BBA: You mentioned that on top of all your endeavors, you work in DC as an economist. Have you ever had moments where your economic background has crossed paths with your love thing craft beer? 

MT: I work on the Consumer Price Index (one of the primary measures of inflation). One of the 250+ item categories we collect prices for is “Beer, Ale, and Other Malt Beverages.” I’ve had a couple spirited debates with the Commodity Analyst about the structure of the Checklist our data collectors use to describe beers. It’s tricky as craft beer is still a relatively small part of the market, but accounts for so much of the variety.

In the other direction, my personal railing against large format bottles and the associated higher per ounce price got me quoted in the NY Times last year. I’m susceptible to it too, but a “reasonable” $10 750 is the equivalent of a $26 six-pack. Even a great deal on a bomber for $5, is more than $16 in six-pack terms.

BBA: Modern Times Fortunate Islands is a Tropical Hoppy Wheat ale.  Our travel writer Richard Hartogs loved it while in San Diego.  He said, “this is what a session able IPA should really be.”  With all the “session able” IPAs coming out, most of which seem to be lacking flavor, is pale wheat the way to go?

MT: Honestly I’m not big on style categories, especially for newly-popular flavor profiles. The line between a hoppy pale American wheat (like Three Floyds Gumballhead or Modern Times Fortunate Islands), a hoppy American pale ale (Hill Farmstead Edward or Half Acre Daisy Cutter), and a session American IPA (Founders All Day IPA or Lagunitas DayTime) is pretty much non-existent. It comes down to how the brewer chooses to get the hop character into the beer, and what balance they are looking for. The grist in these beers is often overwhelmed by the big hop character, so putting a bit of extra effort into enhancing mouthfeel and body can really help (the added protein in wheat malt for example).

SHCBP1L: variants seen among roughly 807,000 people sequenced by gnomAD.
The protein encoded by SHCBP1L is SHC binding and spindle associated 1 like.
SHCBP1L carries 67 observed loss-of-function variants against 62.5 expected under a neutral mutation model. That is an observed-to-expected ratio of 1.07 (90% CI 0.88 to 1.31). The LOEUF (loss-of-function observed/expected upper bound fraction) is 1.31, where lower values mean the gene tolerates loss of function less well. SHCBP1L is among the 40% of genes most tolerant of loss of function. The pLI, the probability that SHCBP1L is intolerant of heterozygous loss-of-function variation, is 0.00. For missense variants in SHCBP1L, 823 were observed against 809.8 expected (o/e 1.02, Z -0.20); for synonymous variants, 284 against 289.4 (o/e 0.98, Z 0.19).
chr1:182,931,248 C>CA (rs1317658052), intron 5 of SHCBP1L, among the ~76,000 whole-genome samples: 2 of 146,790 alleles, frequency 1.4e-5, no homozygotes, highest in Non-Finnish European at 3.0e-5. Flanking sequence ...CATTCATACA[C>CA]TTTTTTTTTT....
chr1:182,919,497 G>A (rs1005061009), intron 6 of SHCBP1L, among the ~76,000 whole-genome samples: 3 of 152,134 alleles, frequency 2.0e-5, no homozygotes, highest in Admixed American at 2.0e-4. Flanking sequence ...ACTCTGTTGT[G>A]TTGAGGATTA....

At Modern Times we are focused on hop aromatics rather than bitterness, so we load in big additions during the whirlpool, in the hopback, and fermentor to achieve the saturated hop character. We have the advantage at the moment that our distribution is small, and demand is high. The importance of freshness can’t be understated for hoppy beers.

BBA: So the Modern Times Amber is labeled on the can as "dank." Can you clarify what it means for a beer to considered "dank?" 

MT: Dank is resiny, herbaceous, maybe a little fruity, but not in a bright/tropical way. It is fresh, raw, and maybe slightly green, like sticking your nose in a fresh bag of hops. It is the stickiest of the icky. For Blazing World dankness is achieved with a combination of Nelson Sauvin from New Zealand, supported by American Mosaic, and Simcoe. These are all relatively new hop varieties with high oil content that combine to produce the right blend of flavors. It took about half a dozen test batches to nail down the dank hop flavor, but we’ve continued to tweak the malt profile to get that in line. Oddly when we tried Columbus hops in the blend, a variety I consider very dank on their own, the aroma shifted too fruity. Aroma perception is very tricky science, really the only way to figure out works is to brew and adjust.